CARL DIGGLER EXCLUSIVE: What I Learned About Putin During My Time As a POW in Russia

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By now, it’s been well-documented that Vladimir Putin is personally influencing the presidential election. The Russian president is using the web forum “Wikileaks” to cause Donald Trump to make absurd, dangerous, and unfounded statements. This could very well cause a ground war with Russia, which would be justified.

Russia and Trump is the biggest story of the year. But with all due respect to my fellow journalists, they are, for the most part, discussing a place they’ve just read about. They’ve never actually been there, much less been held captive in the heart of America’s greatest enemy in its entire history.

Yes, I was a Russian prisoner of war. I don’t want to detail too much of the circumstances that took me from Syria to Moscow, lest to say that men over 40 are simply not meant to date 20 year olds, in most circumstances (but there are always exceptions).

My captors were devious. They wanted me to close a strategic “gap” between the Russian Federation and the United States, that being the “Mark Halperin gap.” They believed that if they had an American journalist who knew how to assign winners of the week, their nation would be catapulted into the 21st century.

They planned a slot for me on Russia Today, and subjected me to dozens of hours of screen tests. I faced grueling retakes, rudimentary makeup professionals, and was forced to recite meaningless drivel such as, “can Ramzan Kadyrov silence the haters?” and “is Putin appealing to vodka moms?”

As a journalist, I’m not prone to exaggeration, but I realized what Nelson Mandela went through during that awful day.

But my time there gave me insight to the Russian mind. For Americans unsure of what Russians’ motives, tactics, and “culture,” look no further.

1. Russians are personally rude

During my short stay in Moscow, I was subjected to frequent personal attacks. They called me “rotund American pedant,” “divorce failure,” and simply “news idiot.”

Because Russia lacks the unique civility of American culture, their civil society is a series of assassinations and stolen elections, and their foreign policy is all treachery and war.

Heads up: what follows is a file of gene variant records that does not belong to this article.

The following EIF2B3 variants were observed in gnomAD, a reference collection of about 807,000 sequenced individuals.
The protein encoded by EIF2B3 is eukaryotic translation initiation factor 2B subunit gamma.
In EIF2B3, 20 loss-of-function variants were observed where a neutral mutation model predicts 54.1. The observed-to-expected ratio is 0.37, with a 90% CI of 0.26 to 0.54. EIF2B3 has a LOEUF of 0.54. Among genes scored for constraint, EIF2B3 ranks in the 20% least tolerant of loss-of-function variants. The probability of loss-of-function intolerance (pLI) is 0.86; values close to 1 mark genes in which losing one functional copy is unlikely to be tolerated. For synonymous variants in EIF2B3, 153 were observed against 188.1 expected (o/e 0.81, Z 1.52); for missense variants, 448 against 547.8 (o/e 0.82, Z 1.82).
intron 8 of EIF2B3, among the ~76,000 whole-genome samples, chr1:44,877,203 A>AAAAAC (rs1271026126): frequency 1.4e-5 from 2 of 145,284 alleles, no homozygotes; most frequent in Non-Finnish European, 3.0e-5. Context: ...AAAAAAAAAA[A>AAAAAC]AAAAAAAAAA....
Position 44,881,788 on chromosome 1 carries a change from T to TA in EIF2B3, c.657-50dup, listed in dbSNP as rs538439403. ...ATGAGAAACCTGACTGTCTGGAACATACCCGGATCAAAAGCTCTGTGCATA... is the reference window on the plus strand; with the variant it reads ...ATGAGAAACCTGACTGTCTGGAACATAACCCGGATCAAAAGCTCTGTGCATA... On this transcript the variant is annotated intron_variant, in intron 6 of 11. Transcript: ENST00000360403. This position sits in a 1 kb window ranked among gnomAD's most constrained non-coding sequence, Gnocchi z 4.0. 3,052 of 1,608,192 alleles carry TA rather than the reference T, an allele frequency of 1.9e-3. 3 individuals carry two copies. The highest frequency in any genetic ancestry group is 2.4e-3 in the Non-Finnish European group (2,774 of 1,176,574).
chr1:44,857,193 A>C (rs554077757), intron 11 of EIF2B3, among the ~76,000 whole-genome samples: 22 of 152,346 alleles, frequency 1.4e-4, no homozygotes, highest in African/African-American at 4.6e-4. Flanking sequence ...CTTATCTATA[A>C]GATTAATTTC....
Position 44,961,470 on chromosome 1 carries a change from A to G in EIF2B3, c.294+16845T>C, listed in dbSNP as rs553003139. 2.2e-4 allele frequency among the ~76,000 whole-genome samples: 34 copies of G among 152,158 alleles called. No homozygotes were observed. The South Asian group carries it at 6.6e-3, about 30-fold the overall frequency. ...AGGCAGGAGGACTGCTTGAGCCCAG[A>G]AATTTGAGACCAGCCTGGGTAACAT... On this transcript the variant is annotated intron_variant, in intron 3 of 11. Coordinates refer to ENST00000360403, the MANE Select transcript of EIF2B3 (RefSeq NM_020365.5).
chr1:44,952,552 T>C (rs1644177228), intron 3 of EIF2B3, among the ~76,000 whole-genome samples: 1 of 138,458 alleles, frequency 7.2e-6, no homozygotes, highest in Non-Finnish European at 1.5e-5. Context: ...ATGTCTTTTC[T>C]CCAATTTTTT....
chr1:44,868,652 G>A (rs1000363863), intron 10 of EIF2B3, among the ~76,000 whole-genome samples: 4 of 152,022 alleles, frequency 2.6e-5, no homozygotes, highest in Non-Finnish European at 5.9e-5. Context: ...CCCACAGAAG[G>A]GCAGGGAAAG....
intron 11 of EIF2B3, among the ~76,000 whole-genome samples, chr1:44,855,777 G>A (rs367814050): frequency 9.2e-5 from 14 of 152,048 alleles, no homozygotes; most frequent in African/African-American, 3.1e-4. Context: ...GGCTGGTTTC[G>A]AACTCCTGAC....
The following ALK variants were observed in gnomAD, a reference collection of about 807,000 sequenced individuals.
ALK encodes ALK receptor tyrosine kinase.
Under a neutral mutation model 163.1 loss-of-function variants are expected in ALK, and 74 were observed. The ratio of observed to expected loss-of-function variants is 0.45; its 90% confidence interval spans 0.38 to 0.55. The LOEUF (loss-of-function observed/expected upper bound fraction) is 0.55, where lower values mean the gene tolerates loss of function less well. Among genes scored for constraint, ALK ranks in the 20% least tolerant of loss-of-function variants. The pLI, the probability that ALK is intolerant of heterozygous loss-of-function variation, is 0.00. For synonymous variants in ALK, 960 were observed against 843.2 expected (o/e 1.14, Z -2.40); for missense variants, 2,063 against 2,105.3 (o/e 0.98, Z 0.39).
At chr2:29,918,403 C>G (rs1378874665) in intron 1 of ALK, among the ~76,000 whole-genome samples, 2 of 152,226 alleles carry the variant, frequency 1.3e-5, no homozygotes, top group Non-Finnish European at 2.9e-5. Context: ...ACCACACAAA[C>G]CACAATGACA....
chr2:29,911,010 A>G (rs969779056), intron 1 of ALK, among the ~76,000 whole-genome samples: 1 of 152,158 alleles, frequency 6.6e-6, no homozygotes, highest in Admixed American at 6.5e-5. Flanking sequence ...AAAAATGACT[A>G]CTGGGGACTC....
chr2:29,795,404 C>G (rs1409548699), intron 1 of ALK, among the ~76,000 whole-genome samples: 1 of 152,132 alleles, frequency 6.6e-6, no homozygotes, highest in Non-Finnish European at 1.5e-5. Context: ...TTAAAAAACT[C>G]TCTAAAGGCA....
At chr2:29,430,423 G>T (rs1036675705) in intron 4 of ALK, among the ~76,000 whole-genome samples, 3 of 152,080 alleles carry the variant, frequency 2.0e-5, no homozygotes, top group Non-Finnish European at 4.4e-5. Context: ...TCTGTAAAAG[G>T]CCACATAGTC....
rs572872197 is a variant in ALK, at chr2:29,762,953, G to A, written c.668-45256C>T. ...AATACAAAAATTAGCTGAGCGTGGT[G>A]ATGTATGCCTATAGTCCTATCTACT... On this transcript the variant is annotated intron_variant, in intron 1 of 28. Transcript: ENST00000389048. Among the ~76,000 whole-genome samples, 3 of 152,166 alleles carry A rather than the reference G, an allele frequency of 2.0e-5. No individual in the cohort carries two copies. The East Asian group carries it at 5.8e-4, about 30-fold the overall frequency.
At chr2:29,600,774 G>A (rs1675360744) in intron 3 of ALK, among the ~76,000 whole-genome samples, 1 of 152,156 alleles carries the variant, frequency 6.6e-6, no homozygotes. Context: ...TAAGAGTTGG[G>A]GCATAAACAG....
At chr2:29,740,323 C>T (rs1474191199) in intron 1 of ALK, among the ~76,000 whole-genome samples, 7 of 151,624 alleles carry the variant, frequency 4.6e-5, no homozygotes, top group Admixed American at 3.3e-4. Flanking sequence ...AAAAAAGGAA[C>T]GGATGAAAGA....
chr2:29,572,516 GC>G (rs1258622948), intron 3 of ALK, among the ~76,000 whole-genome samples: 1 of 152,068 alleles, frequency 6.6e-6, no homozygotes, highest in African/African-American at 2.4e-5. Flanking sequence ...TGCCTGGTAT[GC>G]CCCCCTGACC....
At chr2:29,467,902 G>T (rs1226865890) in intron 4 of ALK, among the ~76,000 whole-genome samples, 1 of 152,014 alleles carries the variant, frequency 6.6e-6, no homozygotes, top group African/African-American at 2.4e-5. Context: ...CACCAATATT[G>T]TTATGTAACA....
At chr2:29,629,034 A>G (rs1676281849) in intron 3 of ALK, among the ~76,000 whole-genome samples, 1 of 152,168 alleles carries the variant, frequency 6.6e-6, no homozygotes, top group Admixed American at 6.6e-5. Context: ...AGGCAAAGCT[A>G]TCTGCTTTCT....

2. Russians lack family values

When I was transferred into Russian custody from Damascus, my brutal GRU interrogators were totally uninterested in my upcoming family court battles. Instead, they rudely asked me questions about what agency I was with (none of them thought my “Air America” quip was funny, even though it would have gotten around 50 retweets if it were a tweet) and if I was trying to sabotage their operation.

In America, we realize that red or blue, #BlackLivesMatter or white nationalist, Sonic or Five Guys, we’re all just people at the end of the day.

3. Russia isn’t as good as America

The fact that the Russians didn’t already have a Mark Halperin-level pundit initially shocked me, but then it dawned on me: this country is simply garbage. Russians have contributed nothing to this world outside of chintzy toys, violent soccer fans, and promising cam dates that end up going nowhere.

Vladimir Putin’s goals are simply those of jealousy: he seeks no strategic advantage but to destroy America, because it’s a better place. There’s no Russian “Hamilton.” There is no Russian Michelob. There is absolutely no Russian equivalent to “How I Met Your Mother.”

We must be continually vigilant, Digheads.

Carl “The Dig” Diggler has covered national politics for 30 years and is the host of the Digcast, a weekly podcast on iTunes and Soundcloud. Got a question for the Dig? E-mail him at carl@cafe.com or Tweet to @carl_diggler.